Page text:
Putney is a district in southwest London, England in the London Borough of Wandsworth. It is centred 6.1 miles southwest of Charing Cross. The area is identified in the London Plan as one of 35 major centres in Greater London. Putney is an ancient parish which covered 9.11 square kilometres and was until 1889 in the Hundred of Brixton in the county of Surrey. Its area has been reduced by the loss of Roehampton to the south-west, an offshoot hamlet that conserved more of its own clustered historic core. In 1855 the parish was included in the area of responsibility of the Metropolitan Board of Works and was grouped into the Wandsworth District. In 1889 the area became part of the County of London; the Wandsworth District became the Metropolitan Borough of Wandsworth in 1900. Since 1965 Putney has formed part of the London Borough of Wandsworth in Greater London; the benefice of the parish remains a perpetual curacy whose patron is the Dean and Chapter of Worcester. The church, founded in the medieval period as a chapel of ease to Wimbledon, was rebuilt in the early Tudor period and in 1836 was again rebuilt, the old tower restored, at an expense of £7000 defrayed by subscription, a rate, a grant of £400 from the Incorporated Society.

It has a small chantry chapel removed from the east end of the south aisle, rebuilt at the east end of the north side, preserving the old style. In 1684, Thomas Martyn bequeathed lands for the foundation and support of a charity school for 20 boys, sons of watermen. A charitable almshouse for 12 men and women, dedicated to the Holy Trinity, was erected by Sir Abraham Dawes, who provided it with an endowment. Putney was the birthplace of Thomas Cromwell, made Earl of Essex by Henry VIII and of Edward Gibbon, author of the Decline and Fall of the Roman Empire, born in 1737. John Toland, a noted free-thinker and was buried at Putney in 1722. Robert Wood, under-Secretary of State for the Southern Department, who published The Ruins of Palmyra about the Roman ruins he visited at Baalbek in Syria, other archæological works lies here. William Pitt, Earl of Chatham, died at a house on Putney Heath. In the 1840s Putney was still a part-wooded, part-agricultural village focussed closest to the Thames, opposite to Fulham, with which it was connected by a wooden bridge.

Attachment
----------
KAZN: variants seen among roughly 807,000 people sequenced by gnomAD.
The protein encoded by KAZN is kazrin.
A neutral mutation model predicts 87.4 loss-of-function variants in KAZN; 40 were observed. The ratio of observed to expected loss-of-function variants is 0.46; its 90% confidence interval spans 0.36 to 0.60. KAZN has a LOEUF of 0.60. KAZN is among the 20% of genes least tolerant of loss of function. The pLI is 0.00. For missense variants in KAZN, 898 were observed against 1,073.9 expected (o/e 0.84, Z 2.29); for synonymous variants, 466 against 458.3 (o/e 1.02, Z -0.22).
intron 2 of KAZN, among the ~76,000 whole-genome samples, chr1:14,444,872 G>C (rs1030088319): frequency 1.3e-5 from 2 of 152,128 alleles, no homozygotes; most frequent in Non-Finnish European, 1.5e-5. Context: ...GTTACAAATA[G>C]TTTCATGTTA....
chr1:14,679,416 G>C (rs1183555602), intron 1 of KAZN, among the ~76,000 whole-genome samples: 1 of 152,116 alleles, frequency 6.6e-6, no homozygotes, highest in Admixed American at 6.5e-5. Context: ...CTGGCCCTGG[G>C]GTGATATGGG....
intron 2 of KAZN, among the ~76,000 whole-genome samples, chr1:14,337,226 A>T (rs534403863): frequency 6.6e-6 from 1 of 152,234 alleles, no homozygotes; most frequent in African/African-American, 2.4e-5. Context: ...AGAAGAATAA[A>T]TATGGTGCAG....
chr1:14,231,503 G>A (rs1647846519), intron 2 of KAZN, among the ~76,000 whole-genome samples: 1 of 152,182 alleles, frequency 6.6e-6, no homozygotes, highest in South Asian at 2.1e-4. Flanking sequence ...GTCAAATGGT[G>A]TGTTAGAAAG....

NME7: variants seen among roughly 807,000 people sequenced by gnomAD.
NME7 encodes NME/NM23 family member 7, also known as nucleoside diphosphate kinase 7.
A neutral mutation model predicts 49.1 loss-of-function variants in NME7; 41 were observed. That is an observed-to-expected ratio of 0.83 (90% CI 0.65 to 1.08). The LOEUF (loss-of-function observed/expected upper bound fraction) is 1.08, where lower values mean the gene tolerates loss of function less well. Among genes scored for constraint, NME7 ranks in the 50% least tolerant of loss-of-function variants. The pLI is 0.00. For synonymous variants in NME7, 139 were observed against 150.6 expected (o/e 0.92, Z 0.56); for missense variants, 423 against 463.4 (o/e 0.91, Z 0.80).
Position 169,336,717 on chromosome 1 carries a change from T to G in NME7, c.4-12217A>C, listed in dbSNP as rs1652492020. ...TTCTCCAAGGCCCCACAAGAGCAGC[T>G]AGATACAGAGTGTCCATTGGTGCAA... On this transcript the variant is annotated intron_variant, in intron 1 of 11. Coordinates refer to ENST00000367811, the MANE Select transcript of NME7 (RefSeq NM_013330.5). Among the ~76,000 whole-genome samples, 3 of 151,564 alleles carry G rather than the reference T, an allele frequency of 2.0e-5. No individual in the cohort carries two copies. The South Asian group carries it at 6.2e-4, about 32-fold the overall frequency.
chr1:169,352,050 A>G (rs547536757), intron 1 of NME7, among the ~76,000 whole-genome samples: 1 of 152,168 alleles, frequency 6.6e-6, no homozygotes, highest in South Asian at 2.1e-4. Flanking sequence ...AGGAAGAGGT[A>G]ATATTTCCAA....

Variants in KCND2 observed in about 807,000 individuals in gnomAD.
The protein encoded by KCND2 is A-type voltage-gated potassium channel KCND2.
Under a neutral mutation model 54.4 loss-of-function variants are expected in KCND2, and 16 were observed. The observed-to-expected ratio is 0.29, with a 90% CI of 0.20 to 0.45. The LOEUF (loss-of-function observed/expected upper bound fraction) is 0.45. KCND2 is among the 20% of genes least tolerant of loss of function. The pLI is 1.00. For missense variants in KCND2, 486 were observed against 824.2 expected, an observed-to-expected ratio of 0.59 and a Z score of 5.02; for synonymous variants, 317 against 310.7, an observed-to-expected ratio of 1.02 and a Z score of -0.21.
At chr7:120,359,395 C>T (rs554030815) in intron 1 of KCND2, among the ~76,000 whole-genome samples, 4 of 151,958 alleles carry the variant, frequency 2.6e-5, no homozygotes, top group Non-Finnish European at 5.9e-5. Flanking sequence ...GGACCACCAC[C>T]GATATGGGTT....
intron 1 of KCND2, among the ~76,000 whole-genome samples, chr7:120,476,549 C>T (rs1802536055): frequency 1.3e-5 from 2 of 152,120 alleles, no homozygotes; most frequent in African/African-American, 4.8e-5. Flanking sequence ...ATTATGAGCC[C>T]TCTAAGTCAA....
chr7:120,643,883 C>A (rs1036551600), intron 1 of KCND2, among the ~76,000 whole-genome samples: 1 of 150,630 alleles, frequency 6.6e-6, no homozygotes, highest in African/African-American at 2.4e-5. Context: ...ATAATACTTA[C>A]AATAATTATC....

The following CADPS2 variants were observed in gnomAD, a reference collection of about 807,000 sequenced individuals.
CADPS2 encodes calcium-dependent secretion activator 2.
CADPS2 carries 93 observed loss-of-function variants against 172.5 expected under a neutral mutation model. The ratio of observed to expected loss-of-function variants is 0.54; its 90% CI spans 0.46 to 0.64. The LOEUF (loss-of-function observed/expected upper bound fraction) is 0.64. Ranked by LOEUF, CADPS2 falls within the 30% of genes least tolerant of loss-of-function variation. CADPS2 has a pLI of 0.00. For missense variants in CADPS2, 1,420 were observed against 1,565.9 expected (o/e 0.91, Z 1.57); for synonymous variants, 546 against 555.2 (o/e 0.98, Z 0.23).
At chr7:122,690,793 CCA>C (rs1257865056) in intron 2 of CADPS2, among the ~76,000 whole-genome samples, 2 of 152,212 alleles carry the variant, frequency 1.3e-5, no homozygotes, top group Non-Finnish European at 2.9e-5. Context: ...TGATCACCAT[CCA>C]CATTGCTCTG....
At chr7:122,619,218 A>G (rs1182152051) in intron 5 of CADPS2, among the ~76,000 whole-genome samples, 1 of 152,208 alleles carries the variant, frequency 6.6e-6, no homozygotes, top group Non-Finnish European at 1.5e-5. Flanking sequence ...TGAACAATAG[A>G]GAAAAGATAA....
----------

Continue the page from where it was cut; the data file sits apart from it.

It was street-lit with gas paved, well supplied with water. At that time Putney took on London's premier role in civil engineering; the College for Civil Engineers relocated to Putney in 1840, for the purpose of affording sound instruction in the theory and practice of civil engineering and architecture, in all those branches of science and learning which are adapted to the advanced state of society, constitute an education that fits the student for any pursuit or profession. Putney had a second place of worship for Independents, Roehampton was in the process of achieving separate parish status; the proprietors of the bridge distributed £31 per annum to watermen, watermen's widows and children, the parish received benefit from Henry Smith's and other charities. Putney in 1887 covered 9 square kilometres. Putney appears in the Domesday Book of 1086 as Putelei, it was noted that it did not fall into the category of local jurisdictions known as a manor, but obtained 20 shillings from the ferry or market toll at Putney belonging to the manor of Mortlake.

The ferry was mentioned in the household accounts of Edward I: Robert the Ferryman of Putney and other sailors received 3/6d for carrying a great part of the royal family across the Thames and for taking the king and his family to Westminster. One famous crossing at Putney was that of Cardinal Wolsey in 1529 upon his'disgrace' in falling out of favour with Henry VIII and on ceasing to be the holder of the Great Seal of England; as he was riding up Putney Hill he was overtaken by one of the royal chamberlains who presented him with a ring as a token of the continuance of his majesty's favour. When the Cardinal had heard these words of the king, he lighted from his mule and knelt down in the dirt upon both knees, holding up his hands for joy, said "When I consider the joyful news that you have brought to me, I could do no less than rejoice; every word pierces so my heart, that the sudden joy surmounted my memory, having no regard or respect to the place. The first bridge of any kind between the two parishes of Fulham and Putney was built during the Civil War: after the Battle of Brentford in 1642, the Parliamentary forces built a bridge of boats between Fulham and Putney.